The Welch House sits on a steeply sloping site on a wooded foreshore where ground conditions are notoriously unstable, with blue slippery clay with rotating shelves underground.
The Manser Practice has opted for a very different finish for the Welch House: slick, glossy, enamel and jet black. In fact, the house is finished in cement particle board rainscreen cladding, simply painted with black enamel.
Foundations needed to be deeply piled and retained with soil nails and an early decision was to create a flat stable platform for a simple “box” house raised on legs above the ground. This allowed for the simplest possible below ground solution, reduced the area of house that “touched” the ground, avoided the need for complex and expensive multi level changes within the house whilst raising it “tree house” like amongst the trees.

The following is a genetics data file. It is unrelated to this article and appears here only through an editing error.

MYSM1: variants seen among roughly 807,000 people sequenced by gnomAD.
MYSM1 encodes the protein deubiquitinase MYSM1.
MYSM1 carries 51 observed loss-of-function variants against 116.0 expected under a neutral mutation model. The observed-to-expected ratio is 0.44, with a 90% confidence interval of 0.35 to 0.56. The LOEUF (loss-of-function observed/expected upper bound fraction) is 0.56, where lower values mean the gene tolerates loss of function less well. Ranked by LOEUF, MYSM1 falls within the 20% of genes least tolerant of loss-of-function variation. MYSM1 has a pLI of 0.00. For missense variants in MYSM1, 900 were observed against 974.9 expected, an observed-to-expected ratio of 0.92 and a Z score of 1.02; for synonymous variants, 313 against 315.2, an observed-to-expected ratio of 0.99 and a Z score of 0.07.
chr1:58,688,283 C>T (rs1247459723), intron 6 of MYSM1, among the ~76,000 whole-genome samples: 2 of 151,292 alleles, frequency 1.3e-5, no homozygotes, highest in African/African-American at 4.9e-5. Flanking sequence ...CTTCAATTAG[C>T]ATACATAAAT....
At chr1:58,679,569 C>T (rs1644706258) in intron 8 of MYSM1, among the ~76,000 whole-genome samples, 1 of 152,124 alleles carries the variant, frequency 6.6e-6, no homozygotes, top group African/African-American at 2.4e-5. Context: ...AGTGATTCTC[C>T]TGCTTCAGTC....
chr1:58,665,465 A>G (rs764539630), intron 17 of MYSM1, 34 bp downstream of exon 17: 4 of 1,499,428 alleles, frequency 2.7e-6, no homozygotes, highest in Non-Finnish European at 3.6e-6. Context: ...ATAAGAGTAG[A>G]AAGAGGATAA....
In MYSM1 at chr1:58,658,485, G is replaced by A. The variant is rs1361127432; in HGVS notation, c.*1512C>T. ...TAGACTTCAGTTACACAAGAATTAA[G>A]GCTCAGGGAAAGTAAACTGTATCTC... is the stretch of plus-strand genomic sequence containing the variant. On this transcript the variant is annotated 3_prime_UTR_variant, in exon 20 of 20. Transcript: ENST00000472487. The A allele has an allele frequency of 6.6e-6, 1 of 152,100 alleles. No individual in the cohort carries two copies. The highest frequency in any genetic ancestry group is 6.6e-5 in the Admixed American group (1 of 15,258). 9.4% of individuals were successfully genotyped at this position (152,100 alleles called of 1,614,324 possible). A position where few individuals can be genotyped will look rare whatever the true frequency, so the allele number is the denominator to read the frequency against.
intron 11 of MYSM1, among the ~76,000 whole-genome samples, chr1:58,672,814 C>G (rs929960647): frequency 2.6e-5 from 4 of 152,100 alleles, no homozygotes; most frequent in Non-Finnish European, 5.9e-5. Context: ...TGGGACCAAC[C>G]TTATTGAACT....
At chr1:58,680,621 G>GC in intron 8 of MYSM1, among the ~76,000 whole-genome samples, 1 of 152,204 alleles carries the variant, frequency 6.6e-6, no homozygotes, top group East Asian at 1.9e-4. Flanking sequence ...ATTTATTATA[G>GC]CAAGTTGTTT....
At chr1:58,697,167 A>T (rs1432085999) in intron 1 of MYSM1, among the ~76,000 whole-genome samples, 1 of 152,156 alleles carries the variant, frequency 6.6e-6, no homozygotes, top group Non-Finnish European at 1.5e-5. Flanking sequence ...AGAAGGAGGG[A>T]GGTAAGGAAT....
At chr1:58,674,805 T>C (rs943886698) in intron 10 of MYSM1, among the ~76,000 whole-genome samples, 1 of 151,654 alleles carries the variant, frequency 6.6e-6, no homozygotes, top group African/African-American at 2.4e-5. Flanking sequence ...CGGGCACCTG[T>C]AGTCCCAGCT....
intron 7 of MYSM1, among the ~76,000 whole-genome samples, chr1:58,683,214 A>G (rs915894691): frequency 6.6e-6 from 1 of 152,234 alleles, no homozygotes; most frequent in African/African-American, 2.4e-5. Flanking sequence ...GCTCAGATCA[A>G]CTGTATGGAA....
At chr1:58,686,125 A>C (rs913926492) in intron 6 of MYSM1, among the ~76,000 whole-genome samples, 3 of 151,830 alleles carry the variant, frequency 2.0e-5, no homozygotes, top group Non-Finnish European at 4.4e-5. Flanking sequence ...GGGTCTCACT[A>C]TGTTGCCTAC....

An initial design for the building on steel framed legs proved too expensive, and so a compact tear shaped concrete tube design was created containing utility room and shower room. This was topped by a simple steel framed two storey box, containing entrance and bedrooms on the ground floor and study and living/kitchen area on the first floor. The roof comprises timber self-spanning insulated panels. The result was a reasonably priced, spectacular house on a site where others thought it was impossible to build.
Architects: The Manser Practice
Project: The Welch House
Location: Isle of Wight, UK
Date of Occupation: January 2009
Awards: RIBA Award 2010
Structural Engineer: Elliot Wood Partnership
Contractor: John Peck Construction Ltd
Ground Stability & Substructure: Malcolm Woodruff Associates
Steel Frame: DMR Engineering (I.W) Limited
Glazing / Doors: Scandinavian Window Systems Ltd
Image Credits: Morley Von Sternberg